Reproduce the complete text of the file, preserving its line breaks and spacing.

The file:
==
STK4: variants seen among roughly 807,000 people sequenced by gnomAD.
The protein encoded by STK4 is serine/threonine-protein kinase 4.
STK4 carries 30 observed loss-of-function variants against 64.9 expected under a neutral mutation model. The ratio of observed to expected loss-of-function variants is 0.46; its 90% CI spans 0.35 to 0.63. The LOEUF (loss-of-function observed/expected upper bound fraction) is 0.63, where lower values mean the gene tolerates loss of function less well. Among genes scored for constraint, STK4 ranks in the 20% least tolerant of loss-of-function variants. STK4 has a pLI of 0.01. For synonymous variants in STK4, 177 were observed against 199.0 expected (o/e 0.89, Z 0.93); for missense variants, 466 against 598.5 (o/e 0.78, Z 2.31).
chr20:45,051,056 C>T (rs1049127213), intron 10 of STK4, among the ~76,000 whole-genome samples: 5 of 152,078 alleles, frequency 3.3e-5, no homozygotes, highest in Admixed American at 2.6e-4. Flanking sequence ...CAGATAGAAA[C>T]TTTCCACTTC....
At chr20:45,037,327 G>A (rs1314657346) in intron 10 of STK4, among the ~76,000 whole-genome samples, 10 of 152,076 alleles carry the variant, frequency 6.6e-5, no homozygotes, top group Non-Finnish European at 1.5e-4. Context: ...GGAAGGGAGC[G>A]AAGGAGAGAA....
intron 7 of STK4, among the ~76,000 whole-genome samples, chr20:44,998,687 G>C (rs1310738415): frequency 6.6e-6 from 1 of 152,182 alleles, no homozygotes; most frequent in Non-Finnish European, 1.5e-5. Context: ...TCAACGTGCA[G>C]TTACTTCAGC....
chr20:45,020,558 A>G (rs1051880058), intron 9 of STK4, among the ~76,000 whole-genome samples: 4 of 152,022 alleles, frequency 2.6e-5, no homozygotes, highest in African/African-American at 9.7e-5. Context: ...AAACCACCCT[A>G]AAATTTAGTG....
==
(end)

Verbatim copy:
STK4: variants seen among roughly 807,000 people sequenced by gnomAD.
The protein encoded by STK4 is serine/threonine-protein kinase 4.
STK4 carries 30 observed loss-of-function variants against 64.9 expected under a neutral mutation model. The ratio of observed to expected loss-of-function variants is 0.46; its 90% CI spans 0.35 to 0.63. The LOEUF (loss-of-function observed/expected upper bound fraction) is 0.63, where lower values mean the gene tolerates loss of function less well. Among genes scored for constraint, STK4 ranks in the 20% least tolerant of loss-of-function variants. STK4 has a pLI of 0.01. For synonymous variants in STK4, 177 were observed against 199.0 expected (o/e 0.89, Z 0.93); for missense variants, 466 against 598.5 (o/e 0.78, Z 2.31).
chr20:45,051,056 C>T (rs1049127213), intron 10 of STK4, among the ~76,000 whole-genome samples: 5 of 152,078 alleles, frequency 3.3e-5, no homozygotes, highest in Admixed American at 2.6e-4. Flanking sequence ...CAGATAGAAA[C>T]TTTCCACTTC....
At chr20:45,037,327 G>A (rs1314657346) in intron 10 of STK4, among the ~76,000 whole-genome samples, 10 of 152,076 alleles carry the variant, frequency 6.6e-5, no homozygotes, top group Non-Finnish European at 1.5e-4. Context: ...GGAAGGGAGC[G>A]AAGGAGAGAA....
intron 7 of STK4, among the ~76,000 whole-genome samples, chr20:44,998,687 G>C (rs1310738415): frequency 6.6e-6 from 1 of 152,182 alleles, no homozygotes; most frequent in Non-Finnish European, 1.5e-5. Context: ...TCAACGTGCA[G>C]TTACTTCAGC....
chr20:45,020,558 A>G (rs1051880058), intron 9 of STK4, among the ~76,000 whole-genome samples: 4 of 152,022 alleles, frequency 2.6e-5, no homozygotes, highest in African/African-American at 9.7e-5. Context: ...AAACCACCCT[A>G]AAATTTAGTG....